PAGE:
The winner of this year’s Distinguished School Administrator Award is Riley Brewer, the Assistant Principal at Halls High School in Knox County. She was nominated by her librarian Brandi Hartsell. Ms. Brewer goes above and beyond in supporting the school library and librarian at Halls High School. Every day and in many ways, Ms. Brewer works to promote the school library and its resources. From the time that Ms. Brewer arrived at Halls High, she has been instrumental in the professional growth of the school librarian, Ms. Hartsell. She not only conducts formal evaluations and provides meaningful feedback, she willingly serves as a sounding board, mentor, and collaborative partner with Ms. Hartsell on a daily basis. As an example, when Ms. Hartsell was struggling to teach a virtual creative writing lesson, Ms. Brewer helped to create a modified lesson plan and even co-taught the lesson with her. She contributed to and helped proofread a grant that Ms. Hartsell wrote. Ms. Brewer also frequently attends and contributes to True Crime Tuesdays in the library where students gather to listen to discuss true crime stories. She always asks potential new employees about library collaboration and has served as a practice audience for Ms. Hartsell’s TASL presentations. Brandi says that every school librarian deserves an administrative partner as invaluable as Ms. Brewer, but she will fight anyone who tries to steal her.
Riley told us about her background as an educator.
“I began my career in education as a high school English teacher. I taught every high school grade and course level, from freshmen to seniors and inclusion to AP. Over the course of my six years as a teacher, I was fortunate enough to be presented with opportunities to acquire skills that reached beyond the four walls of my classroom and into instructional coaching and professional development design. In 2017, I was selected to be a fellow in the University of Tennessee Knoxville’s Leadership Academy, and this marked the beginning of my work as an administrator. I am now in my fifth year as a high school assistant principal and my fourth year as a curriculum principal.“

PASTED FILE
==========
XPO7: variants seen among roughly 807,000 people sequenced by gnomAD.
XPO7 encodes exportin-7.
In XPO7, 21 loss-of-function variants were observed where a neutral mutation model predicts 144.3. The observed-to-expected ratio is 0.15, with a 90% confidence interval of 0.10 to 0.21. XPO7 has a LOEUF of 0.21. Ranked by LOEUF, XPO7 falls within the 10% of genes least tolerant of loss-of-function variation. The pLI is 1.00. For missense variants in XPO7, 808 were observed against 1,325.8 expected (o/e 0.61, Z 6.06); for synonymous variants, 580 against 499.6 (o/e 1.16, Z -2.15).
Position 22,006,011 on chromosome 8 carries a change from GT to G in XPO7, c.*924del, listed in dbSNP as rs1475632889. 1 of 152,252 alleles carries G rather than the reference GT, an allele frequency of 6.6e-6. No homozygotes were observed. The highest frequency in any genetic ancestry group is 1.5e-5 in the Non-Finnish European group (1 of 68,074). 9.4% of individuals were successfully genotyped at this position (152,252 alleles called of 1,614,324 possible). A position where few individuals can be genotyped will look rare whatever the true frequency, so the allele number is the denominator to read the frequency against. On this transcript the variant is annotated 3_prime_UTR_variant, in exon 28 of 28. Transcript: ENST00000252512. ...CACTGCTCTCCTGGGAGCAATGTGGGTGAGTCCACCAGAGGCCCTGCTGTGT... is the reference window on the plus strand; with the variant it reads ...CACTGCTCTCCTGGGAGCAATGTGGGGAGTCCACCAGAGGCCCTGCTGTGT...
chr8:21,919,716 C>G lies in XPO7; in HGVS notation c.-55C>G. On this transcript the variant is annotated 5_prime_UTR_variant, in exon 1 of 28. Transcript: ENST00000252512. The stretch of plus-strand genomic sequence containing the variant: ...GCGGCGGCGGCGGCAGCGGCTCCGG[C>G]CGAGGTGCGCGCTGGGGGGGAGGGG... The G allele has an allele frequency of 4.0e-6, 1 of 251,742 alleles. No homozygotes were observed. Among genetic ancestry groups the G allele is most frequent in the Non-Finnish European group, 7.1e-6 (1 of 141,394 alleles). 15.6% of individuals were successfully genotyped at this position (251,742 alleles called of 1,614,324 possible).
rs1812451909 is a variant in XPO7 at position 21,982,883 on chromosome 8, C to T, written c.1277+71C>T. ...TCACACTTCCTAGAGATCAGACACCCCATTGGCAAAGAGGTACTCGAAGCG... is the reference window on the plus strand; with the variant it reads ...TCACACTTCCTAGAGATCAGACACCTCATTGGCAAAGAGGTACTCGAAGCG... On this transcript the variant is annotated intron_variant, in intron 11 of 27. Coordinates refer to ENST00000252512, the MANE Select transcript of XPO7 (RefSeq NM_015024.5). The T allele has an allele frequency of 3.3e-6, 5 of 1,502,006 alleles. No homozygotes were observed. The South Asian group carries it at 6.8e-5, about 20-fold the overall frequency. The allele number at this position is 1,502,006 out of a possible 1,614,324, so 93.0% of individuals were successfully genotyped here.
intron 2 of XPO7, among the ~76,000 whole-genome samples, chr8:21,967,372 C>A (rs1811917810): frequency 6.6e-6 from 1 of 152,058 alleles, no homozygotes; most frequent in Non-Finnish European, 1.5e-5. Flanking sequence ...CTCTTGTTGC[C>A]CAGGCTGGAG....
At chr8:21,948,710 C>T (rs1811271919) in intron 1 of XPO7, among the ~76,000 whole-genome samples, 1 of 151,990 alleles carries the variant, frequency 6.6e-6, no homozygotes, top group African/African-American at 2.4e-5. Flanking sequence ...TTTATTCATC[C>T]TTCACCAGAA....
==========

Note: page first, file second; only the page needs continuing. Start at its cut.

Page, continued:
We asked Riley why she values school libraries.
“I truly believe public schools are the cornerstone of modern American society. Public schools provide children and young adults with the opportunity to earn knowledge, skills, and experiences that will prepare them to become productive citizens— and all for free! Libraries are key in this endeavor because they serve a variety of purposes: They are centers for collaboration and technology access; they contain texts that would be completely inaccessible to students otherwise; and they are an oasis for students seeking a safe place beyond the bustle of a school. Furthermore, the role of librarians as media specialists means each content area can be served by the school library to enrich curriculum. The school librarian guides teachers’ use of educational technology and illustrates how traditional assignments— like research papers and creative projects— can be updated to become more rigorous and relevant to today’s world. In addition to curricular and instructional purposes, I would be remiss to not mention that representation matters to kids, and libraries are a place where all students can find themselves reflected somewhere on the shelves. In short, libraries can serve as the heart of a school where teachers enhance their practice and all students are equally welcome.“
Riley had this advice for school librarians interested in building a strong relationship with their administrators, “Too often, administrators only interact with the library when there is a problem— broken technology, challenged books, disciplinary issues— so I would recommend librarians instead be proactive in building a positive, mutually beneficial relationship with administration early. Administrators generally work during the summer months, so librarians might consider arranging a time to meet with the principal(s) before school begins to find out what the school goals are for the upcoming year and to share initiatives the librarian might be considering. When the library media specialist can identify how the library’s services align with and support the school’s goals, it is easier to garner support for library programs and encourage collaboration. Please don’t assume your administrators aren’t interested in library services— they’re often just busy and don’t want to be seen as interfering with your work!“
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